​Diagnosing breast conditions

Have you felt a lump or had discomfort in one of your breasts, but aren't certain what to do next? Keep in mind that breast changes are very common and most are not cancer.

It's important to be self-aware so that you can recognize changes in your breasts. Also, see your primary care doctor or gynecologist for breast screenings and to talk about when you should get mammograms and how often.

When your doctor performs a physical exam to evaluate a breast lump, he/she may decide to schedule additional diagnostic tests. At The Christ Hospital Health Network, our breast health experts perform advanced screenings and diagnostic services in a warm and comforting environment.

Advanced diagnostic tools

Finding breast disease or breast cancer early greatly improves a woman's chance for successful treatment.

Diagnostic procedures may include:

  • Screening mammograms—X-ray pictures of the breasts for women who have no breast symptoms or signs of breast cancer. Screening mammograms help find breast cancer when it's too small to be felt by a woman or her doctor. Screening mammography assists in early detection of breast cancer and can help detect the disease up to two years before it can be felt.

  • Diagnostic mammograms—used for women with one or more breast problems (a lump or nipple discharge), or when an abnormal area was found in a screening mammogram. Diagnostic mammograms can also be used if you were previously treated for breast cancer. During a diagnostic mammogram, radiologists review images while you are there so that more pictures can be taken to look more closely at an area of concern.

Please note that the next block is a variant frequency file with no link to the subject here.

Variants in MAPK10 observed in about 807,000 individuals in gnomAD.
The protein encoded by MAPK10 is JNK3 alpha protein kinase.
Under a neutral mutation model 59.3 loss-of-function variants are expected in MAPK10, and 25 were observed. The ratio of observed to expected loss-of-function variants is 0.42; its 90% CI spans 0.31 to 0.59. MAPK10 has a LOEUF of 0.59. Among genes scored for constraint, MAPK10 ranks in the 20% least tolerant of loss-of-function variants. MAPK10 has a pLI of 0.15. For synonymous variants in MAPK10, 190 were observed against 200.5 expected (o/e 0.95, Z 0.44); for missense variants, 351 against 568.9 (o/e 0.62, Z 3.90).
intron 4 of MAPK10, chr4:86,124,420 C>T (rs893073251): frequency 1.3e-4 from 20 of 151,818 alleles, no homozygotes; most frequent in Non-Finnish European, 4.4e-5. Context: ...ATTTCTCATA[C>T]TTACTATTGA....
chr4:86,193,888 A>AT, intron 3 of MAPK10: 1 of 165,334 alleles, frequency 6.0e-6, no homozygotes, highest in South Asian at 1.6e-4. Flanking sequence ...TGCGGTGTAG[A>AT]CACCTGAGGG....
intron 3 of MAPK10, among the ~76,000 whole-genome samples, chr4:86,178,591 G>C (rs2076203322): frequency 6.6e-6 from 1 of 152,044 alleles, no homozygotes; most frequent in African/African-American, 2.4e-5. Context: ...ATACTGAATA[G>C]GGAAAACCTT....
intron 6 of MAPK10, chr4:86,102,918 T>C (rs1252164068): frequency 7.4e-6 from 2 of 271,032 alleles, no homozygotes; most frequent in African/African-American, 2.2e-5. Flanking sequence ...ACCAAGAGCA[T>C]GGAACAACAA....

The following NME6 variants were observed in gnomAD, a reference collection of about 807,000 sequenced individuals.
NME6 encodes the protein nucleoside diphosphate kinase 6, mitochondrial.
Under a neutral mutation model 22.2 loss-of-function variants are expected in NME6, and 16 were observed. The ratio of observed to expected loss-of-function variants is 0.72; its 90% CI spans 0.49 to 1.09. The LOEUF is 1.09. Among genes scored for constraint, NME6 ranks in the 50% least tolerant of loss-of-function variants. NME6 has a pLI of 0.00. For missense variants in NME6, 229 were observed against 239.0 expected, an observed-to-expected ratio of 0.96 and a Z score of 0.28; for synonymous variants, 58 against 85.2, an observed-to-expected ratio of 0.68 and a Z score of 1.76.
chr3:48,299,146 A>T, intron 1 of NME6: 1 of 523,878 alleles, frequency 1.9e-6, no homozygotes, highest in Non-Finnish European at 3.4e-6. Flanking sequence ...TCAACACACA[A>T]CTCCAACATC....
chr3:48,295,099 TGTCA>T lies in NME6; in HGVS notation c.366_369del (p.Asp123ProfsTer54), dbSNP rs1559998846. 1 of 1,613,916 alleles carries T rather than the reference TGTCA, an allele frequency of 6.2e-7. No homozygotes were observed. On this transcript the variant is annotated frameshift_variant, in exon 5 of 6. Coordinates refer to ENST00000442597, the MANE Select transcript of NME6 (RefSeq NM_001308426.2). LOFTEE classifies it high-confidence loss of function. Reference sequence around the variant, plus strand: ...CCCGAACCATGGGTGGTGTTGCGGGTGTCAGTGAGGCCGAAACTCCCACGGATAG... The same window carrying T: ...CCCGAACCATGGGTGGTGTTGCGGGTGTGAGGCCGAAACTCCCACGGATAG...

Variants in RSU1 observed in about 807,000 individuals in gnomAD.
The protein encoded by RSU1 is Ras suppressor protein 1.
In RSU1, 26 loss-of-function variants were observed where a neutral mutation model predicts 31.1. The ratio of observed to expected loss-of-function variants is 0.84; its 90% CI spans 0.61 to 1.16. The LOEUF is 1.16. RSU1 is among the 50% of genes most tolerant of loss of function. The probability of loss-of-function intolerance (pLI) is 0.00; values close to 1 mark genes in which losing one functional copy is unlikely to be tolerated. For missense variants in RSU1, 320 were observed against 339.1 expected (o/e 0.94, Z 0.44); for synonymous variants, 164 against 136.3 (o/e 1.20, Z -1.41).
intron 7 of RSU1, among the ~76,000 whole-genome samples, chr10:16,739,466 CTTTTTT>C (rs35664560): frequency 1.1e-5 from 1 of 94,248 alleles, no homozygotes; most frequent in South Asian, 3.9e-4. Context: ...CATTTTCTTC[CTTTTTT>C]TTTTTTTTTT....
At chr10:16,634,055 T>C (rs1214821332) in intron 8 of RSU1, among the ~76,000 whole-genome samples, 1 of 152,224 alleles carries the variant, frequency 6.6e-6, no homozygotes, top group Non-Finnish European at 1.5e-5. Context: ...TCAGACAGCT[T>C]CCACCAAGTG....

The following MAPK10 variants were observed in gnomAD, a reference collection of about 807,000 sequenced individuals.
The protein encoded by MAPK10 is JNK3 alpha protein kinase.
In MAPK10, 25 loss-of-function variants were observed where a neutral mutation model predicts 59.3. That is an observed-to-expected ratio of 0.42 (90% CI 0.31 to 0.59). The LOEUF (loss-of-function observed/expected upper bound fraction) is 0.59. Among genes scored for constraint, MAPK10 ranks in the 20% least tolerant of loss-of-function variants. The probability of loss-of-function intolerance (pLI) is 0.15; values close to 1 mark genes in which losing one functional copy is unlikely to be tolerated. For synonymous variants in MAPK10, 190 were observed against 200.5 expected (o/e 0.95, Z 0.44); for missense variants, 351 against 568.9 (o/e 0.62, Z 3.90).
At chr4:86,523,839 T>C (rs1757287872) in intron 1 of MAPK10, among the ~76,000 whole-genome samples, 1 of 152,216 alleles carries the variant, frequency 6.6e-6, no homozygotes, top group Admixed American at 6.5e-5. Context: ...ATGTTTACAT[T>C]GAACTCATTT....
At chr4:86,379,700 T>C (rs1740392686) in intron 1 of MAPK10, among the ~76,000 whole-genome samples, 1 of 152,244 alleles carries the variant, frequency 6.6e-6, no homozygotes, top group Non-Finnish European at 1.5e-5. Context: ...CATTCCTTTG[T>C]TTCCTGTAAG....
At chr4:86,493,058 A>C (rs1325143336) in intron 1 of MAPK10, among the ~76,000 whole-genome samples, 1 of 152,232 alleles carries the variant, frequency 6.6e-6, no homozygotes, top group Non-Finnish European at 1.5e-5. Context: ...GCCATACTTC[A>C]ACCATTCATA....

• Digital breast tomosynthesis (3D mammogram)—takes multiple views of the breast and reconstructs it into a 3D image. This is newer technology, but some early studies show it has better accuracy than 2D mammography for women with denser breasts.

  • Breast MRI—magnetic resonance imaging test

  • Whole breast ultrasound—designed to improve the detection rate of breast cancer in women with dense breasts, beyond what a mammogram alone can find.

  • Breast biopsy—collection of a small tissue sample from area of concern in the breast

After your doctor has evaluated the lump, he or she may recommend additional breast imaging. Imaging analysis for a new breast lump usually includes mammography and/or ultrasound.

If a biopsy is needed, sampling procedures may consist of image-guided fine needle or core needle biopsy, as well as the possibility of surgical excision. Breast MRI is an additional sensitive imaging tool generally used for high-risk breast screenings and for pre-surgical patients.

Next steps

If you have been diagnosed with a breast condition or breast cancer, your doctor will discuss your medical and surgical treatment options.

Think you have a breast condition? Make an appointment with one of our Women’s Health experts.

To schedule your mammogram, call 513-585-2668 or schedule your screening mammogram appointment online.

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